When it comes to sanctions against Russia, the US giveth, and the US taketh away. The US Treasury has announced a new set of sanctions against Russian individuals and entities, including current and former members of Russia's intelligence agency GRU, for what it called Russia's "continued disregard for international norms." In this case, it's groups that used cyberhacking techniques to try to influence the 2016 presidential election. Meantime, Treasury also announced it plans to lift sanctions on two Russian firms, including Rusal, the world's second-largest aluminum producer. Maybe Russian President Vladimir Putin will mention it today in his annual marathon news conference, in which he's already warned of the growing risks of a new nuclear arms race and criticized the US over plans to withdraw from a nuke treaty.
5. Airport drones
Oh, you're trying to brave the already-horrible pre-holiday travel onslaught? How about a pair of rogue drones to completely wreck your plans? That's what's happening at Gatwick Airport in London. The United Kingdom's second-biggest airport shut down around 9 last night after two drones were seen over the airfield. The airport briefly reopened a few hours later, but then more drones were spotted, and things got boarded up again. Passengers are stranded and incoming flights rerouted, some as far away as Paris or Amsterdam. Just FYI, it's illegal in the UK to fly drones within 1 kilometer (0.62 miles) of an airfield boundary. The airport says police are investigating.
Just 6 months of walking can reduce cognitive decline
Guess it depends on where you're headed. You can get pretty far in six months.
General Mills is going to start making pet food
Artist Banksy admits he's behind new mural in Wales
At least this one won't be shredded.
Manchester United's fired manager racked up a $679,000 bill after living in a 5-star hotel for years
It better have had an amazing free breakfast.
Blind, burrowing amphibian named after President Trump
C'mon, you really think we're gonna make a joke about this?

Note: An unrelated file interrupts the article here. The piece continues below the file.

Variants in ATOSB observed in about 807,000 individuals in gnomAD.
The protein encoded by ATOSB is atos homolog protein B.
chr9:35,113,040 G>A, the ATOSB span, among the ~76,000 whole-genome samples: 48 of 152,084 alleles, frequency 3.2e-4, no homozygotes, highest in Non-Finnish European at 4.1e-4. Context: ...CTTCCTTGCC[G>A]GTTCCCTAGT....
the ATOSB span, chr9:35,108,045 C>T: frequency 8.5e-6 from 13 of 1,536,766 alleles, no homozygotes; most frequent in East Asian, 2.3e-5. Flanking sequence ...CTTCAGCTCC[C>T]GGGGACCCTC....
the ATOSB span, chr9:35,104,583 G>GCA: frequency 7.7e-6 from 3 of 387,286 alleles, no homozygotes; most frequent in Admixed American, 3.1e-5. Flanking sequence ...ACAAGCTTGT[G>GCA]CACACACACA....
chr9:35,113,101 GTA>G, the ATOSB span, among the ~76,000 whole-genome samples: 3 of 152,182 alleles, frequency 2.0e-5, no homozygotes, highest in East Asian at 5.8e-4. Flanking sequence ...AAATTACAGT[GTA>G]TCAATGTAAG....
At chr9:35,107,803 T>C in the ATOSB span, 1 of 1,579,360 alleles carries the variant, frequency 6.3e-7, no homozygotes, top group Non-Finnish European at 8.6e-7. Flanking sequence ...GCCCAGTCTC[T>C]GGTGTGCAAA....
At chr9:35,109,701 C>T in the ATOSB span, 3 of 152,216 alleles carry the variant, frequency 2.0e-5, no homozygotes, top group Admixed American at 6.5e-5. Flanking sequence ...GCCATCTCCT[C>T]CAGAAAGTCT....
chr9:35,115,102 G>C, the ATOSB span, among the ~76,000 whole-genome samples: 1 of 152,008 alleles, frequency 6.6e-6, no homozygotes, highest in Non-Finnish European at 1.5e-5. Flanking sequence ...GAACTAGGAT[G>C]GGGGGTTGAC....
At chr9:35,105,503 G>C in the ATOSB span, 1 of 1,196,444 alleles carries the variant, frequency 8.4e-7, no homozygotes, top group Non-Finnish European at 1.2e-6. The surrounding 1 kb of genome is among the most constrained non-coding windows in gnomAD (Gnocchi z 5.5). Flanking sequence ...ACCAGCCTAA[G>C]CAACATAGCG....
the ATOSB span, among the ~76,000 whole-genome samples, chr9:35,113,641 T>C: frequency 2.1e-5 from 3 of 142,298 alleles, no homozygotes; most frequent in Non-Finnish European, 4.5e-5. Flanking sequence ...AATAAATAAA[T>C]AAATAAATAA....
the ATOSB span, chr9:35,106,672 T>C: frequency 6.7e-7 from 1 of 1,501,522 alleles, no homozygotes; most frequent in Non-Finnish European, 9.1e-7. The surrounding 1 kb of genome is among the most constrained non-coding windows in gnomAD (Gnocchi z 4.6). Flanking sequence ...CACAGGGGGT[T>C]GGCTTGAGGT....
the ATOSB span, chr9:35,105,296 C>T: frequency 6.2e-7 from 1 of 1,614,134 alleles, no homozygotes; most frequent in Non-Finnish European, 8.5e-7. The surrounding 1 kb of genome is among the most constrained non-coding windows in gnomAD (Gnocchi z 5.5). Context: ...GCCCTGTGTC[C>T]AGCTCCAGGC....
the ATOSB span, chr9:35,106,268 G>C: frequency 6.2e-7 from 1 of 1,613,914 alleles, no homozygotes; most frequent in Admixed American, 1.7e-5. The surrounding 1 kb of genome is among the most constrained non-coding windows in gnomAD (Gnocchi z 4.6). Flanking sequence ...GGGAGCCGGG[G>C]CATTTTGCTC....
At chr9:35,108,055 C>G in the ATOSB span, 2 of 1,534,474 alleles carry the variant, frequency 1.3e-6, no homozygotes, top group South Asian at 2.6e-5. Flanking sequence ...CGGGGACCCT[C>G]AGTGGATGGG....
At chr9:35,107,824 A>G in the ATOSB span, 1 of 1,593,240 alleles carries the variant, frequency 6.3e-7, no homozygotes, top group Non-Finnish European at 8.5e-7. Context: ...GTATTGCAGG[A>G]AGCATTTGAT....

THIS JUST IN ...
Even more market woes
European stocks opened sharply lower after the US Federal Reserve yesterday raised interest rates and indicated it expects more hikes next year. The news has already pushed the Dow to its lowest level of the year.
That's how many people left Puerto Rico after Hurricane Maria in late 2017, Census data show. That's almost 4% of the island's population.
"I hope you slow down. I hope that when your mom tells you to 'drive safe' you make a promise to her, and yourself, that you will. I hope you can envision me sitting in your kitchen telling your screaming mother that you have been killed."
An Ohio police officer, who wrote an emotional letter to a teenager after ticketing him for driving 100 miles per hour
How to wrap your cat, in a few easy steps
I can't tell whether this cat is just very chill or is plotting some bitter revenge. (Click here to view.)
- Fed raises rates despite Trump's warning
- Trump rips Fed for raising interest rates
- Fed raises interest rates in Powell's debut
- Trump 'not happy' with the Fed for raising interest rates
- Trump says he's confident in Mnuchin, but Fed is raising rates too fast
- Fed chairman defends steady interest rate hikes
- Fed meets to weigh future rate hikes
- Fed leaves rates unchanged, signals December hike
- Fed raises interest rates and signals faster hikes on the way
- All signs point to more Fed rate hikes in 2018